Ephesians 4:29 – 5:2

Fantasy Art Friday

Get inspired with this week’s Fantasy Art Friday, where fun fantasy artwork is combined with a writing prompt to get your creative juices flowing.


There’s got to be a good story behind this striking image. What is that horrible creature lurking below the water’s surface? Its tentacles wrap around the doomed ship, but also seem to be holding up the chest filled with gold. Did those on board try to appease it with wealth, only to anger it instead?

The second boat is trying to make a hard turn away from the creature. With prayer and luck it just might get away, or else it will share the same fate as its sister ship. Should any of these sailors survive, their tales will no doubt spark legends, many of which will grow over time to have a life of their own. It’s no wonder sailors are such a superstitious lot!

What does such a creature want with gold anyway? Does it collect wrecks as a dragon hoards treasure, or is there perhaps someone waiting on the ocean floor to receive it? Someone who is using the beast to hunt, much like hawks can be trained and released to bring back game.

But these are only some of the possibilities. What do you see?

by Nicholas Ferrand

Artwork by Nicholas Ferrand

Medieval Monday: The Green Valley in February

Today’s post is actually a video that I really think you’re going to enjoy! It’s half an hour long, but well worth the time to watch! A small group of historians and archaeologists restored and brought back to life an abandoned village in Wales, re-creating over an entire year what life was like in the early 1600’s. This would be considered the Renaissance period, but the humble agricultural lifestyle really hadn’t changed a whole lot. Much of this would be applicable to the medieval period as well.

This episode is not the start of the series, but it is the video from February, so you can see what would have been happening at this time of year hundreds of years ago. Really, really fascinating stuff. I encourage you to take the time to watch. I will include one episode each month going forward until the year’s worth of videos run out. Aside from doing this type of thing yourself, I can think of no better way to really put yourself back in time, to see and vicariously experience life from another era. Hope you enjoy it!



Use the Medieval Monday Index to discover more topics relating to daily life in the Middle Ages.

 

Medieval Monday: Labors of January

winter-snowball-fightWinter had tightened its grip, and the most important labor of January was staying warm! With only hearth fires for heat, the cold was a very real danger for everyone, but especially the young, the elderly, and the poor. There were still several feasting days to be celebrated, which continued to be a blessing for those who needed help getting through winter. January 6th, the day after Epiphany, was the Feast of the Three Kings. Christian tradition was often blended with agricultural ceremonies rooted in pagan tradition, even though the Church frowned on these practices. The plow and distaff, symbols of male and female societal roles, were both honored. There might be plow races, or processions though villages. The plows might also be pulled around a bonfire to bring good luck for the new year. Actual plowing could not begin until after Candlemas (February 2nd) which was the Feast of the Purification of the Virgin Mary. At that point, the winter respite from the fields was officially over, and they were tilled in preparation for spring planting.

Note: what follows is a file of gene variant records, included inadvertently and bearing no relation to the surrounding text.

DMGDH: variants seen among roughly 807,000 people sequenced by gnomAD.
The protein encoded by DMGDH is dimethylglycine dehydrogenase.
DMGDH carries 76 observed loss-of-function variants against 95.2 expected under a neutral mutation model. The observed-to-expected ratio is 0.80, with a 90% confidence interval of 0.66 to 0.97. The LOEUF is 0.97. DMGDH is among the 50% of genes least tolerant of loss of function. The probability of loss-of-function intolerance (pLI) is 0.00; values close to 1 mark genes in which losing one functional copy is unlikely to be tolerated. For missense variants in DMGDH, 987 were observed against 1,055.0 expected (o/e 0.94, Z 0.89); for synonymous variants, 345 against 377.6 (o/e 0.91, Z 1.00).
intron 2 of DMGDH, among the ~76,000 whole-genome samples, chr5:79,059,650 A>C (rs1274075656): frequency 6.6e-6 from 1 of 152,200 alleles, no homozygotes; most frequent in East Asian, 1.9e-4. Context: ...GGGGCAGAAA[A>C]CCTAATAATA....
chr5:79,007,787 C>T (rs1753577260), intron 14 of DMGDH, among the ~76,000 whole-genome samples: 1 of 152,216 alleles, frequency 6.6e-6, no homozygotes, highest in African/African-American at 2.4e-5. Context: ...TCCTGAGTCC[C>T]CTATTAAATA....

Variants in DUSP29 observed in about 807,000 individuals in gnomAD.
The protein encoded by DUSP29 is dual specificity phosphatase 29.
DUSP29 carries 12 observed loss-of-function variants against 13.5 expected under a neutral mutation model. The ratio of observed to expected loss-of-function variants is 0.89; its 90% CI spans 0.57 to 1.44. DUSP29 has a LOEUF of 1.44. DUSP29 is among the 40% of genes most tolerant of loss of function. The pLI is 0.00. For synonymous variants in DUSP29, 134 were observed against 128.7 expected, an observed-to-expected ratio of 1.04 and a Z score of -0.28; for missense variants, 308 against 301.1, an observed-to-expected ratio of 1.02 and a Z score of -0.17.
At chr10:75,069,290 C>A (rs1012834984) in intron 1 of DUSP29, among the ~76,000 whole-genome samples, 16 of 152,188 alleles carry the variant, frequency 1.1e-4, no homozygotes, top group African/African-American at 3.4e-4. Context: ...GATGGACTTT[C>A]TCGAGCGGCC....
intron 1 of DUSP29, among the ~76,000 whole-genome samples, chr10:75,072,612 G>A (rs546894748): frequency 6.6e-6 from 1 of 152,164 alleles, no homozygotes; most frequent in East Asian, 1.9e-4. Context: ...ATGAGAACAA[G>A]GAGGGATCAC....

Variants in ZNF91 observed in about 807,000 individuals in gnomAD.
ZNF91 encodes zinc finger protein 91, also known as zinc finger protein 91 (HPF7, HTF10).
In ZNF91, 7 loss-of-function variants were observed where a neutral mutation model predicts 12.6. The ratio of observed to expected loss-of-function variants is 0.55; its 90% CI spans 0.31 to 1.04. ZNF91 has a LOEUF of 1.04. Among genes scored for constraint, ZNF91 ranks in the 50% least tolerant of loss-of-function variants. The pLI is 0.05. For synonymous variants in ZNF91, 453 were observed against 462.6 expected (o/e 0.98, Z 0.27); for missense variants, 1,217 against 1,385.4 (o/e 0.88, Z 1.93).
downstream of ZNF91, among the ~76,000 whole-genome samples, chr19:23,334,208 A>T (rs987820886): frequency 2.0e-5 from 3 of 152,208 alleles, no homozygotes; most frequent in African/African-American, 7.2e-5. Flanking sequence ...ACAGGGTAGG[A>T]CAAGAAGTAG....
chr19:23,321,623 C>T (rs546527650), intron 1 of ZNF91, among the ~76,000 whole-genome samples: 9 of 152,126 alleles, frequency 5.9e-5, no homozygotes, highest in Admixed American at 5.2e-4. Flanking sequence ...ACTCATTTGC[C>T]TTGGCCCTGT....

harvestingclayThere were other things to do during the month of January. On the coldest days, medieval people completed any type of work that could be done indoors. Spinning thread, weaving, repairing hunting and fishing nets, making utensils, and repairing or sharpening tools were among them. With spring not so far into the future, all the necessary farming equipment would need to be in working order. On milder days, people could do some outdoor work, such as gathering firewood, mending fences, pruning vines, or using a hoe to harvest clay from riverbanks.


 

Enjoy one last “Tales from the Green Valley” episode. We’ve now followed this team of experts through an entire year on a medieval farm, and the information given has been amazing. Lots of really fascinating details in this one, including tending cattle, harvesting timber supplies, repairing tools, building work, hedge laying, breaking ice, mucking the cow shed, harvesting oak apples (for dye or ink), making ink, repairing shoes, preparing and using medicines, distilling water, preparing the field for spring, harvesting kale, winter foods and recipes.

Though I won’t be posting these at the start of each month anymore, you can still watch the videos anytime,  or read my labors of the months posts, by using the Medieval Monday Index.